I think that continuing to outgrow things is a sign that we are still open to new ideas. When we change, it means we are receptive to change. It means we are open to new things and ideas.

Week 11 - Apr. 23rd 2019

While I was walking into my dorm I noticed a huge line outside the multi-purpose room. Feeling curious I decided to ask why they were lining up. I expected some kind of annual event held by some MIT club or that a very famous person was speaking, but it as neither. Apparently, they were all lining up to watch the new episode of Game of Thrones.

Having never watched an episode I had no idea that it was the last season and that they were airing a new episode that night. I had heard of the show many times and knew that it was popular, but I never thought people would organize watch parties of this size. I was even more surprised when I found out that every dorm was having their out watch party.

This got me thinking about what makes something so popular. I am sure that a good plot, actors and directing makes a show enjoyable to watch, but what makes it so popular that people are willing to wait in line to watch the latest episode. Some of it must be the bandwagon effect because everyone wants to discusses the latest episode with their friends. The social networks that these popular shoes generate are very much a part of their success.

We all have such a hard time figuring out what we want to do. What restaurant we want to eat at, what holiday we want to take or what shows we want to watch. All of these hare difficult decision for us to make so we need some help. Often that is just from hearing what others are doing and then joining in. Entire platforms like Yelp, Foursquare and Facebook revolve around the concept of sharing what you like with other people.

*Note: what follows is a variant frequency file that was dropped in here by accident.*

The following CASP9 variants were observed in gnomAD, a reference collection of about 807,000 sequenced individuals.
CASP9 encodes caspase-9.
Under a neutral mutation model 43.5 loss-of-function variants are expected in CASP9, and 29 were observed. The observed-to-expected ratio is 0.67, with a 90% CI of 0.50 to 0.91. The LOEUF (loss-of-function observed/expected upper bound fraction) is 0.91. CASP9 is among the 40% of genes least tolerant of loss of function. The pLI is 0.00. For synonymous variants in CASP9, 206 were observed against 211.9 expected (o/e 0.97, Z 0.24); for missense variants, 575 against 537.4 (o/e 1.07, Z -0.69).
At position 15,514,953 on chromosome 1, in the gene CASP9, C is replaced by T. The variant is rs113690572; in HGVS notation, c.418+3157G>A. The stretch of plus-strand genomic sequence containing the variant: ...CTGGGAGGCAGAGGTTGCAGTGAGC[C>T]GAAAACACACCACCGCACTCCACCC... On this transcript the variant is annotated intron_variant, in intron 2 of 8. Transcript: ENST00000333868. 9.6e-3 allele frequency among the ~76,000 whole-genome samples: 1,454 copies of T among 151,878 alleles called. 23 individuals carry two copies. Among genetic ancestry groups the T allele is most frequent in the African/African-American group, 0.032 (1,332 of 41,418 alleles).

I don’t think this is inherently wrong, but I do think that we should sometimes ask ourselves if the decisions we make are truly our own.

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Food is such a huge part of peoples’ identity. No culture, ethnicity or nationality is without a cuisine. We all have a favorite dish that we like prepared in a specific way. All places have a meal that they are “famous“ for serving.

Food can bridge people together by showing how similar we really are or it can start arguments about who can really claim ownership for a specific dish. A countries cuisine is often a much a source of pride as its history, music and language.

It is interesting to me how something as simple as food can have such a huge impact on a person’s emotion. When I think of food I just see it as a tool that we need to stay alive. The reason we eat one food instead of another is because we need the underlying nutrients.

However, food for many people is about “tasting home” and “feeling comfortable“. The food means more than just the sum of its nutrients, instead it has a social, spiritual and emotional value that people take very seriously. I can’t say I ever understood this concept, but I can respect it.

Discussions


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New Discussion on Mar 27
Katie Lewis: This post resonates with me. Great points :)
New Discussion on Mar 21
JL
Joanne L.: Thanks for writing this - I’ve been reflecting a lot on this idea too…
New Discussion on Mar 21
JL
Joanne L.: I totally feel I can relate to what you wrote in this post!
New Discussion on Mar 10
Joichi Ito: It is interesting how E14 was designed to be very “see through” but probably has less serendipitous interaction than E15 where you can’t see through the whole lab, but you have to walk through peop...
New Discussion on Mar 4
MG
Matt Groh: And so much beauty comes from the infinite complexity from the natural world. Even when it comes to roads/sidewalks/etc. we are confronted with the same standard shapes over and over again. Nature ...
New Discussion on Mar 3
Ziv Epstein: i disagree - i think moderate exposure to cold can help circulate blood, plus walking around and getting fresh air are always a plus.
New Discussion on Feb 27
Katie Lewis: That’s awesome :) I’ve been trying to do the same around my lab. The random “noise” can become quite calming after a while
New Discussion on Feb 21
JL
Joanne L.: I think this happens to me too - like I do certain things on auto-pilot. Once I was taken aback by the fact that I couldn’t remember the details of my drive to somewhere as my brain had been ponder...
New Discussion on Feb 18
Ziv Epstein: Predictive coding theory states our minds are constantly building generative models of the world, and only passing information into our awareness when stimulii violates our brain’s predictions. Usu...